China’s largest private companies mushroomed in value over the past year despite the Covid-19 pandemic, driven by fast growth in the internet, health care and electric vehicles sectors, according to a Hurun Research Institute report released on Wednesday.
The values on average of the country’s top 500 private companies surged by 55 per cent to a record 110 billion yuan (US$16.7 billion) from a year ago. They were worth a combined 56 trillion yuan, or about half of China’s gross domestic product last year, according to the report, which is based on data up to October this year.
Tencent Holdings, Alibaba Group Holding, Meituan-Dianping, Pinduoduo and JD.com, the country’s five internet giants, were in focus. Benefiting from a global stock market rally among technology companies as the pandemic receded, they each added more than US$100 billion in value over the year.
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“The main reasons for the rapid increase were the rise of the new economy, especially after the pandemic, a sharp rise in the stock markets and a flurry of new listings,” said Rupert Hoogewerf, chairman and chief researcher at Hurun.
Investors have piled into technology and pharmaceutical stocks globally, in search of growth and certainty, since the outbreak of the coronavirus. Central banks flooding the market with unprecedented liquidity has also helped push share prices higher.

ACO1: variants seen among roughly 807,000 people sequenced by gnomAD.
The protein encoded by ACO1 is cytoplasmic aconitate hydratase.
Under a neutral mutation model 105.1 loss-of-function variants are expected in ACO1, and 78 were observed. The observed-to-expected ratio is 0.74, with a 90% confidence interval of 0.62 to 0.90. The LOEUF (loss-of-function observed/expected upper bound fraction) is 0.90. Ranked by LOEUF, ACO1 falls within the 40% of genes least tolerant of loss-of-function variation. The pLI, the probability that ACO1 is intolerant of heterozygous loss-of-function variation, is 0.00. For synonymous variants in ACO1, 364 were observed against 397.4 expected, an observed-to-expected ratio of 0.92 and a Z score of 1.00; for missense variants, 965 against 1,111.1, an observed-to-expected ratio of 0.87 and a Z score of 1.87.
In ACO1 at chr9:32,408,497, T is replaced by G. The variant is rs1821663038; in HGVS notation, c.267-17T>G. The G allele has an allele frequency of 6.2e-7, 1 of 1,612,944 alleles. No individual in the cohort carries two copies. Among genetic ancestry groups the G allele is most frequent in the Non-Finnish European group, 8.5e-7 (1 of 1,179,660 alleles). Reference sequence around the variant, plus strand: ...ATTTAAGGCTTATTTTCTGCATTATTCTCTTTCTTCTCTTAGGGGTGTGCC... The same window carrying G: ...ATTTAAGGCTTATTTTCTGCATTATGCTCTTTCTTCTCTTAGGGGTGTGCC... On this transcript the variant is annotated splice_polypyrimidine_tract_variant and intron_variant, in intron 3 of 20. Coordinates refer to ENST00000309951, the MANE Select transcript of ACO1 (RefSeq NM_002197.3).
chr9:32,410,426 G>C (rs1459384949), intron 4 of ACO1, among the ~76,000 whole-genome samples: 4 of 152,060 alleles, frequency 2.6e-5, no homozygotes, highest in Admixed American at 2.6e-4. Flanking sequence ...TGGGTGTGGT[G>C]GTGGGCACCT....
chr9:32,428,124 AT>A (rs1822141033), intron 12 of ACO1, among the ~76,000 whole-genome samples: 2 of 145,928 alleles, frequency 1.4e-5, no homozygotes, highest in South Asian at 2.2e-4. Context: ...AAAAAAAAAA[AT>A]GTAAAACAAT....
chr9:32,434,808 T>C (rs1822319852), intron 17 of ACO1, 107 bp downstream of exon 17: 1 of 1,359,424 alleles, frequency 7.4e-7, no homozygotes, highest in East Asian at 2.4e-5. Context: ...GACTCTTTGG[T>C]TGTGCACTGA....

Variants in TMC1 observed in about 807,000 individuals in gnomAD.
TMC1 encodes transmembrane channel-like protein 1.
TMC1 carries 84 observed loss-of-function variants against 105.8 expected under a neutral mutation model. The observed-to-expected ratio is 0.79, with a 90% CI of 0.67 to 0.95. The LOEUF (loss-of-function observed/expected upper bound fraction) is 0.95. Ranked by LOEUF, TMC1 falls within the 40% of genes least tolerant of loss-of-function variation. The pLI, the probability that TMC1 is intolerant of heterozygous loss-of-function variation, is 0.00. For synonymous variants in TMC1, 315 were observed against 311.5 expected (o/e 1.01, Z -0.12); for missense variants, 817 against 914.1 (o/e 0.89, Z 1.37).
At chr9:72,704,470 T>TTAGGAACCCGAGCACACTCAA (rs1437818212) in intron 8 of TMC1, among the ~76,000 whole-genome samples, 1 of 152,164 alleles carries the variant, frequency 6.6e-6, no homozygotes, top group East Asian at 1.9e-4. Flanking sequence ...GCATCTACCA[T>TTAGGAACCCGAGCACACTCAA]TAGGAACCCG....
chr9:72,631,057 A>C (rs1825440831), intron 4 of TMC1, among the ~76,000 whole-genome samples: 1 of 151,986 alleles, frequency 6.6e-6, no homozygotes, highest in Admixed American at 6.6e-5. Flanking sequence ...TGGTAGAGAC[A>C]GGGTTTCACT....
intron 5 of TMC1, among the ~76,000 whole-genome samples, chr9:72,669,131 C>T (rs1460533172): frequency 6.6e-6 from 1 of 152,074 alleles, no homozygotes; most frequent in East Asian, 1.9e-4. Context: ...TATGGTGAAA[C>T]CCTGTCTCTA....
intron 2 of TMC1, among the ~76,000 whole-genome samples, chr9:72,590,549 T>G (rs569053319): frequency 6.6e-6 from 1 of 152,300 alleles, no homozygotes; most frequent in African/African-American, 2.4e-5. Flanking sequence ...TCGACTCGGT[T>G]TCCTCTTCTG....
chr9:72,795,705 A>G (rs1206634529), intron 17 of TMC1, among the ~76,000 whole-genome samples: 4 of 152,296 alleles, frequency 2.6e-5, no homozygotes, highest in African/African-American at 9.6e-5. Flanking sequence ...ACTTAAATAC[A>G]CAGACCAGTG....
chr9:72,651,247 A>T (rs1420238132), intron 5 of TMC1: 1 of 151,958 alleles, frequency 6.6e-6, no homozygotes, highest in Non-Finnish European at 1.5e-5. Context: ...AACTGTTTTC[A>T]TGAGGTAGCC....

Social media and online games operator Tencent (US$743 billion) unseated e-commerce behemoth Alibaba (US$713 billion), which also owns this newspaper, to become the most valuable company. Online food delivery services provider Meituan (US$243 billion) climbed to third place from sixth last year. Ping An Insurance (US$221 billion) and Ant Group (US$209 billion), which was expected to go public in the world’s largest initial public offering before regulators suspended it at the last minute this month, made up the top 5.
The Nasdaq Composite has advanced 34 per cent since the beginning of this year, and the Shanghai Composite Index has gained 10 per cent. The Hang Seng Tech Index, which tracks the 30 largest technology companies listed in Hong Kong, added 15 per cent.
Online shopping platform operators Pinduoduo and JD.com made it into the top 10 list for the first time, as the pandemic accelerated the adoption of online shopping. Pinduoduo (US$170 billion), which has a large user base in China’s smaller cities and rural areas, grew 289 per cent in value to rank sixth. JD.com (US$149 billion) expanded by 200 per cent to rank eighth.
Telecommunications giant Huawei Technologies suffered a drop in ranking, falling to seventh from fourth last year, after it sold smartphone brand Honor to a state-led consortium to sidestep US sanctions that prevented it from buying key components.
Pharmaceutical companies led by Jiangsu Hengrui Medicine (US$74 billion) took up 93 of the 500 top spots, the most among all industries. Electric vehicle makers also sped up the ranks – BYD (US$67 billion) leapt 41 places to rank 17th in value, while New York-listed Nio (US$62 billion) made the list for the first time and ranked 19th.
Altogether, the 500 private companies employed 9.7 million workers, according to the report.
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